Congress might issue an arrest warrant for Attorney General Barr
Attorney General William Barr has just informed the House Judiciary Committee that he is skipping out on his testimony on Thursday, just one day after appearing before the Senate Judiciary Committee.
NBC News reporter Alex Moe: "Per a House Judiciary Committee aide: We were told AG Barr is not coming to testify tomorrow and are expecting a letter from DOJ shortly officially stating as much. The House Judiciary Committee will still hold a hearing tomorrow at 9am without Barr."
He says that he is unwilling to testify before counsel, aka armed lawyers, instead of the Committee members themselves. Because of this, Congress is now saying that not only will they subpoena him, but they are looking at holding him in contempt.
Nadler: The next step is seeking a contempt citation against AG William Barr— Sarah Brooks (@Sarah_K_Brooks) May 1, 2019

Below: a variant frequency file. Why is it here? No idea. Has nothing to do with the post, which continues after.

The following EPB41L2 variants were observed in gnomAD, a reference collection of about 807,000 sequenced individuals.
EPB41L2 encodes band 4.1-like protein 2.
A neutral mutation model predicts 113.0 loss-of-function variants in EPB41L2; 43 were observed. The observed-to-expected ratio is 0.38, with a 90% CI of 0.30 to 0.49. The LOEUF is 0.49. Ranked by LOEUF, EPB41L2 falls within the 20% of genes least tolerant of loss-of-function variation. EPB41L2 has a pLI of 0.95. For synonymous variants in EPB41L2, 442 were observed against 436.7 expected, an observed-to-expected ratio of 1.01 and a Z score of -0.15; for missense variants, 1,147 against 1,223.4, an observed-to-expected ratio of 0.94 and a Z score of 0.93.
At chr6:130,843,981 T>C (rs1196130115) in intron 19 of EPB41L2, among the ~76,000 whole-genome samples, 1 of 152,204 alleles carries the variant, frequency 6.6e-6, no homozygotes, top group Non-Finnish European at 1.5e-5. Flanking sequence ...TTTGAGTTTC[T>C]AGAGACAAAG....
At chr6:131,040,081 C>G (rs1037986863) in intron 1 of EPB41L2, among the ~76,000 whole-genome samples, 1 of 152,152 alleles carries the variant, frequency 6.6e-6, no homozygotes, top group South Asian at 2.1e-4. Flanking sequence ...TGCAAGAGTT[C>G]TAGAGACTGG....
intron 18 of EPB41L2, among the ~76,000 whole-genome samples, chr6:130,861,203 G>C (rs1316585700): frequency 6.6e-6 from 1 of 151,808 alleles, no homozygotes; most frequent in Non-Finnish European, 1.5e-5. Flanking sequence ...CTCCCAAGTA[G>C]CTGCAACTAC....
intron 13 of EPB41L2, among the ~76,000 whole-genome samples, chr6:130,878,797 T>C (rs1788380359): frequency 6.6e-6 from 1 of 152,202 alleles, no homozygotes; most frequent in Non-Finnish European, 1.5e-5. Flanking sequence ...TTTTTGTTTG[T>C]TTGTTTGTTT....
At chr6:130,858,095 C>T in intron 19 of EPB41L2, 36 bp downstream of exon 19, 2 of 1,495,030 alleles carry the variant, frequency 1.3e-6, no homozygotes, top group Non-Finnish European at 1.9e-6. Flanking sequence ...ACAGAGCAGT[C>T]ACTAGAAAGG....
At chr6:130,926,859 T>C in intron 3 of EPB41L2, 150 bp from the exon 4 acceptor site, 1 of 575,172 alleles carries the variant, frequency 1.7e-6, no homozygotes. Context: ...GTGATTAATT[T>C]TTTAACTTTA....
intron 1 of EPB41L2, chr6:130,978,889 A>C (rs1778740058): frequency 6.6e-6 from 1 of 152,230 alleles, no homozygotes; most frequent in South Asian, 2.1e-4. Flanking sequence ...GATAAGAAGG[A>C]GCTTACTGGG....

And, get this: One reason Barr doesn't want to go is because he was told that Congress may hold him in contempt even if he shows.
Contempt of Congress is a nice way for saying he will get arrested after a contempt citation is issued. The Sergeant-at-Arms for the House or Senate would be brought to the floor of the chamber, held to answer charges by the presiding officer, and then subjected to punishment as the chamber may dictate. Barr wants to avoid any scenario for this happening, especially on live television.
Here's Congressman Ted Lieu, who is on that committee:
"If he doesn't show up, the American people should ask two questions: what is he afraid of and what is he trying to hide?" He then said: "If he doesn't show up we will enforce a subpoena and we're going to hold him in contempt."
Even though he appeared before the Senate today, Barr has been far from cooperative. When he was being questioned by Senator Blumenthal, he took shots at Robert Mueller's career and said he wouldn't release his notes of their call together.
"I don't consider Bob, at this stage, a career prosecutor," Barr said. "He's had a career as a prosecutor. He was the head of the FBI for 12 years."
"But he was also a political appointee and he was a political appointee with me at the Department of Justice," Barr continued, adding that, "The letter is a bit snitty and I think it was probably written by one of his staff people."